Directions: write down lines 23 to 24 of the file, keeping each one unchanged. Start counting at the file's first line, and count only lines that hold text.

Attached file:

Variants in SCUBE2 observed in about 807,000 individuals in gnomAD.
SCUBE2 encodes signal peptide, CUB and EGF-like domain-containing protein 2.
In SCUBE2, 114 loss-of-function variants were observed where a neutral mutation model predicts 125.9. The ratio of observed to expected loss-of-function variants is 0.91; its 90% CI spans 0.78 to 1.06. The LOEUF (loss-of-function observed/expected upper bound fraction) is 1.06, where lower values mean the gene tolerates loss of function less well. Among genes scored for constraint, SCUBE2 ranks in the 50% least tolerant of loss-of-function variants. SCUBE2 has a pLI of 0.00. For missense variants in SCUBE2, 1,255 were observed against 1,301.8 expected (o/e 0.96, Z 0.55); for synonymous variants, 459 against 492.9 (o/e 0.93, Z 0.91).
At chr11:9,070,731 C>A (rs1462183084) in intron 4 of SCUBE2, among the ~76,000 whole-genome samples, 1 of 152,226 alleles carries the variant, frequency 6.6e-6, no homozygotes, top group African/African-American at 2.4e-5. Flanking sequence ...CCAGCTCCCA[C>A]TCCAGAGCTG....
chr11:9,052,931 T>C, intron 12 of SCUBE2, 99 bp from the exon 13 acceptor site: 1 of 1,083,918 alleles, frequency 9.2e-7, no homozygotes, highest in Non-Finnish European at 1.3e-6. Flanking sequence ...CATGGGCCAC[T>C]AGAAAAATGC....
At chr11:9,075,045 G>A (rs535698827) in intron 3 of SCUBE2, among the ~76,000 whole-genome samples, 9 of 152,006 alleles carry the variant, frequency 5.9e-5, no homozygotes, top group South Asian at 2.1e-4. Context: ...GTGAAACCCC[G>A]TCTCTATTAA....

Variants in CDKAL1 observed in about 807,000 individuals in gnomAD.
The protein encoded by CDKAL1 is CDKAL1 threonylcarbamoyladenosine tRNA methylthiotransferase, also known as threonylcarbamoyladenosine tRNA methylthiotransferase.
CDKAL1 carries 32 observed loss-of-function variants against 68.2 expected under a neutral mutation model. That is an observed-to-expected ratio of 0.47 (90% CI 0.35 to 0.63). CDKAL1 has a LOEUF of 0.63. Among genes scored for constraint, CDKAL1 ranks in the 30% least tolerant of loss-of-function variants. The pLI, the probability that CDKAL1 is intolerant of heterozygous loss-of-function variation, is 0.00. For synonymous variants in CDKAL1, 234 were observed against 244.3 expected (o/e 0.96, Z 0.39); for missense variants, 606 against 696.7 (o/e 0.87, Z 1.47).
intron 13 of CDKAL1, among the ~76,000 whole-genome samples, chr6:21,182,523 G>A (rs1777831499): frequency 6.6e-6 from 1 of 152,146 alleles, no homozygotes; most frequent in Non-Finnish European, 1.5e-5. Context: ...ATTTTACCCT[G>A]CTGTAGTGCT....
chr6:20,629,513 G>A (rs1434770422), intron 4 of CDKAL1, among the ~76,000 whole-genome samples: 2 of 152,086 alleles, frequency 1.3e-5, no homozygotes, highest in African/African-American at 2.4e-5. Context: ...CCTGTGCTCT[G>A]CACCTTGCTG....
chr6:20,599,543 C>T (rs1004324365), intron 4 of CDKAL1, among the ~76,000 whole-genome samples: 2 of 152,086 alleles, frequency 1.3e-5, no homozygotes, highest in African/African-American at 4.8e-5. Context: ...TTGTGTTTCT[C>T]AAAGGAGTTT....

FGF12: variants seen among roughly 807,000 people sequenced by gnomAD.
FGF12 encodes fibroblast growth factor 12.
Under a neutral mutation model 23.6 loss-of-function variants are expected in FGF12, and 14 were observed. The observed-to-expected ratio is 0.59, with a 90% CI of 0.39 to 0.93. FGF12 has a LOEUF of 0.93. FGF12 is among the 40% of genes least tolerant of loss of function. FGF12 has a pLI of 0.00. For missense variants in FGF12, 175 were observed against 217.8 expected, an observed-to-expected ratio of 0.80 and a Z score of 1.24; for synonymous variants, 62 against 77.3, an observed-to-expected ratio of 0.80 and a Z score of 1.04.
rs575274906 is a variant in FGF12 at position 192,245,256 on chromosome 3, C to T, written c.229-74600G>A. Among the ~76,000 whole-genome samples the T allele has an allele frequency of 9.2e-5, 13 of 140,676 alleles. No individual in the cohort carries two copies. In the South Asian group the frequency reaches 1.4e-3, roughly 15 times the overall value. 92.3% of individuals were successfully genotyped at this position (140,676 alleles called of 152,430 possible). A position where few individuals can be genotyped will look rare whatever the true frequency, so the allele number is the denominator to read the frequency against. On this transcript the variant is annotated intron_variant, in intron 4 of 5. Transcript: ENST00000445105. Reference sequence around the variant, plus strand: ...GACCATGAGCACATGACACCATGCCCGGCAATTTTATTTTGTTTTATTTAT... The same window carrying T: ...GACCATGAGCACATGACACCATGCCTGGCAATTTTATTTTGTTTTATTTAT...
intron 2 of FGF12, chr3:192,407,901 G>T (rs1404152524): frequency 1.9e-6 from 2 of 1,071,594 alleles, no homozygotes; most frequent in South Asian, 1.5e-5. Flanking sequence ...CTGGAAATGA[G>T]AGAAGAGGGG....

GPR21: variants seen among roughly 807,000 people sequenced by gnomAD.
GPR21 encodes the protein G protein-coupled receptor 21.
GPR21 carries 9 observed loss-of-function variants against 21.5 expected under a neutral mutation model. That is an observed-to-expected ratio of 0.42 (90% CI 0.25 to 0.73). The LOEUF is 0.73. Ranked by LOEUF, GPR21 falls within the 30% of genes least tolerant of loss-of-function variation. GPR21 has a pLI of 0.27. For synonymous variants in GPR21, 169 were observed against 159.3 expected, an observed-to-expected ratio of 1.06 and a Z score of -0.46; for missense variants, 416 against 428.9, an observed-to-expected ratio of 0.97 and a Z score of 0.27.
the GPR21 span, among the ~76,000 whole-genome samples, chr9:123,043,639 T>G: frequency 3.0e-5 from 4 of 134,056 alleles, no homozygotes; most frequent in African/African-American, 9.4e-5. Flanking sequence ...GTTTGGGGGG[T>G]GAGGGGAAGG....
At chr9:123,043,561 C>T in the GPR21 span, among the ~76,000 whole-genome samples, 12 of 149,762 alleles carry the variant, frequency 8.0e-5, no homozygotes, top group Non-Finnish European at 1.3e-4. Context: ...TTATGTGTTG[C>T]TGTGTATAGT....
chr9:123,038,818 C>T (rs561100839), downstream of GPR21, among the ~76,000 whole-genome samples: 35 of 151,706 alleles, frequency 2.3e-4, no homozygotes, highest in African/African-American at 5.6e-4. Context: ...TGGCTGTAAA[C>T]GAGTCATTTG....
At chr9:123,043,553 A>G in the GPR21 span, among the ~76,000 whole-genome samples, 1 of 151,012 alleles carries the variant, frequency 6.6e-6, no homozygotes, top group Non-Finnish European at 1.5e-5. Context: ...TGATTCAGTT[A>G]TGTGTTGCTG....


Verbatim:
chr9:123,038,818 C>T (rs561100839), downstream of GPR21, among the ~76,000 whole-genome samples: 35 of 151,706 alleles, frequency 2.3e-4, no homozygotes, highest in African/African-American at 5.6e-4. Context: ...TGGCTGTAAA[C>T]GAGTCATTTG....
At chr9:123,043,553 A>G in the GPR21 span, among the ~76,000 whole-genome samples, 1 of 151,012 alleles carries the variant, frequency 6.6e-6, no homozygotes, top group Non-Finnish European at 1.5e-5. Context: ...TGATTCAGTT[A>G]TGTGTTGCTG....